Lumumba says High Court decision ‘fundamentally changes nothing’
JACKSON, Miss. (WLBT) - Jackson Mayor Chokwe Antar Lumumba says the Mississippi Supreme Court’s decision to uphold a lower court’s ruling against him “fundamentally changes nothing” in the city’s ongoing dispute over who will haul residents’ garbage.
Meanwhile, he says that “no valid negotiations are taking place with any third-party vendor” to continue trash collections after April 1.
“While I respectfully disagree with the court’s decision, it fundamentally changes nothing,” he said, adding that it is “neither surprising nor material.”
Last week, justices upheld a lower court’s decision saying that the mayor could not veto a negative vote of the Jackson City Council.
The council filed suit against the mayor in Hinds County Chancery Court last spring after Lumumba vetoed its decision to reject a one-year emergency contract with Richard’s Disposal.
The mayor says he disagrees with the high court’s ruling but said it does not invalidate the city’s current trash RFP, nor will it stop Richard’s from fulfilling its current one-year agreement.
Richard’s took over residential collections on April 1. The contract was slated to run until March 31 of this year.
A federal settlement between the council and Richard’s stated if the Supreme Court ruled in favor of the council, the New Orleans-based firm would stay on until the end of the month in which the ruling was handed down.
[Council announces settlement with Richard’s Disposal; trash pickup will continue in Jackson]
“Coincidentally, the court reached its decision this month... the same month that Richard’s emergency contract was set to expire anyway,” Lumumba said.
As for the RFP, the mayor says that is still in full force.
An RFP is a request for proposals. Cities issue these requests when seeking professional services, such as solid waste collections.
Jackson issued an RFP in October 2021 for trash-hauling services. Three companies responded, including Richard’s and Waste Management, the company that previously held a contract with the city.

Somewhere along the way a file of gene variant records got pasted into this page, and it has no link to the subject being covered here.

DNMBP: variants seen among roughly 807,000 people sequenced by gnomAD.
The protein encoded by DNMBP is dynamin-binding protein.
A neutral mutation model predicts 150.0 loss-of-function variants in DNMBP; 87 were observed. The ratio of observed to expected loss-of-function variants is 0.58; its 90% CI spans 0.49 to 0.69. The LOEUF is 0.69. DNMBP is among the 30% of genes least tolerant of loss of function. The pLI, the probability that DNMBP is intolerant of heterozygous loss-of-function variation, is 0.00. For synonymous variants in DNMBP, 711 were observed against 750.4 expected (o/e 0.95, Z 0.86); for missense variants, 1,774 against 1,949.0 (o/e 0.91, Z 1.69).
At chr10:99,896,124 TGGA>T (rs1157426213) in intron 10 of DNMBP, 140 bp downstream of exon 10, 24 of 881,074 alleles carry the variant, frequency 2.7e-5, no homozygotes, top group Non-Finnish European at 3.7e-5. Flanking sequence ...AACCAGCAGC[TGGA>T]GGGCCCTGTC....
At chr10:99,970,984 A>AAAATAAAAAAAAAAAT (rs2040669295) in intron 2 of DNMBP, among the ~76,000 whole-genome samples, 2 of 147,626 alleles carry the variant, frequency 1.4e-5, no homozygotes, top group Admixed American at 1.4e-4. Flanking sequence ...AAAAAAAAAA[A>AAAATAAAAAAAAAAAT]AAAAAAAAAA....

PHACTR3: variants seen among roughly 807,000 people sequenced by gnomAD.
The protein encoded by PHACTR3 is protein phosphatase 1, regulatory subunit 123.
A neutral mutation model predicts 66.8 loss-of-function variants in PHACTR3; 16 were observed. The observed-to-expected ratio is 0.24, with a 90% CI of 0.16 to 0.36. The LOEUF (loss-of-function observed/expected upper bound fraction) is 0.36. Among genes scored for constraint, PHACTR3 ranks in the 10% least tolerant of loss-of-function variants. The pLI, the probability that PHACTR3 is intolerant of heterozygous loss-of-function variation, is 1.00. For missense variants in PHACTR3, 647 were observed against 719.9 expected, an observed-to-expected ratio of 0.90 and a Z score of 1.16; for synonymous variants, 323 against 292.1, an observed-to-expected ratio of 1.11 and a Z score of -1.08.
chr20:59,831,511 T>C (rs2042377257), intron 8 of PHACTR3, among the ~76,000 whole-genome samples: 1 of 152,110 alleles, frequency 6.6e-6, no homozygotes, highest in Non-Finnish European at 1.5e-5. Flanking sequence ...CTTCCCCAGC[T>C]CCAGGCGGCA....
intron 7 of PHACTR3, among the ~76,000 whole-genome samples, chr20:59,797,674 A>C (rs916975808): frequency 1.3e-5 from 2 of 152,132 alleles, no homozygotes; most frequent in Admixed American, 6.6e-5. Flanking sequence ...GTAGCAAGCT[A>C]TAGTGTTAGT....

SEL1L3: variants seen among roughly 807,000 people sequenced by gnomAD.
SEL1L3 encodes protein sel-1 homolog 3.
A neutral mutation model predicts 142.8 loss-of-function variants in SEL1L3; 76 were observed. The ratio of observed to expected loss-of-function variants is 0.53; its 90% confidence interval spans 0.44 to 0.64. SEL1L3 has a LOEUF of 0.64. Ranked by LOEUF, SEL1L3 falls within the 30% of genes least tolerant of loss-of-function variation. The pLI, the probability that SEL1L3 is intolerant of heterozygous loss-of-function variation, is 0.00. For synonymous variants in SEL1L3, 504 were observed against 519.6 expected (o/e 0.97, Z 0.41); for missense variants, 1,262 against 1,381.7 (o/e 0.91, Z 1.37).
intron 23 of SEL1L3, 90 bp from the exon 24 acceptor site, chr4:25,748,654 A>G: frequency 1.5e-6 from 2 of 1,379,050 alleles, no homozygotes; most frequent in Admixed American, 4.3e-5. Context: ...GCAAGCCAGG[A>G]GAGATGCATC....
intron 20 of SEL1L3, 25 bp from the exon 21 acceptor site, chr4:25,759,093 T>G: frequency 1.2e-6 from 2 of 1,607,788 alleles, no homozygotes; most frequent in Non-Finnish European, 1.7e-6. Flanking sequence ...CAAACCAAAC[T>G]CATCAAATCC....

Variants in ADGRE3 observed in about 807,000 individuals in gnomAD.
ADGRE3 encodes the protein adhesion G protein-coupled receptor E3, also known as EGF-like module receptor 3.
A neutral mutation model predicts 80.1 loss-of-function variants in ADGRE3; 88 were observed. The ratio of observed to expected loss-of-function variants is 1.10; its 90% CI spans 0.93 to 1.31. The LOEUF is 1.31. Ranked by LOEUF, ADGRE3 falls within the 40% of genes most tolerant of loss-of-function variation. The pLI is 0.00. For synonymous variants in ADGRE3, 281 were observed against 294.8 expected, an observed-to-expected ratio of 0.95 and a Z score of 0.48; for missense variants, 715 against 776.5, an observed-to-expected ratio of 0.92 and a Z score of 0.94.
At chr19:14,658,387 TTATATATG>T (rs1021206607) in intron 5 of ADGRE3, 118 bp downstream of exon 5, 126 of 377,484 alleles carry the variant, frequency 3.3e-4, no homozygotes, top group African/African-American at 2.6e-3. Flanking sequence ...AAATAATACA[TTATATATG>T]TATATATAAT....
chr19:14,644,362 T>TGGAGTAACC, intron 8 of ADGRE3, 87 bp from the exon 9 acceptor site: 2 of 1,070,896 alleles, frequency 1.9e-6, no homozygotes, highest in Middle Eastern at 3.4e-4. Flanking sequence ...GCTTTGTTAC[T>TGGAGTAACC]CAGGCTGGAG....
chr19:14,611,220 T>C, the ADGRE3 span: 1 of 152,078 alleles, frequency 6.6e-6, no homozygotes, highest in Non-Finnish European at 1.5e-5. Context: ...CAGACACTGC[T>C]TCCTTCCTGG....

Lumumba said under the terms of that RFP a company that receives the highest score during the evaluation process must walk away from the city voluntarily before the mayor can bring a second vendor to the council for consideration.
Richard’s received the highest score among proposals submitted for one of the twice-weekly options firms could respond to.
“Absent a bonafide legal dispute per the RFP, we are legally bound to not move to a new vendor,” he said.
The council, however, has urged the mayor to move forward with the RFP, after it has rejected Richard’s on multiple occasions.
It also has filed a separate suit in chancery court seeking the judge’s permission to choose a firm if the mayor refuses to bring forward another contractor option.
Typically, the city’s executive is required to bring contracts to the council for consideration. However, the council argues that if the mayor refuses to do so, they, as the city’s legislative body, have the right to act.
Said Lumumba, “Neither the expiration of Richard’s emergency contract nor the court’s ruling invalidate the active RFP bid, which will ultimately determine trash pickup in the city.”
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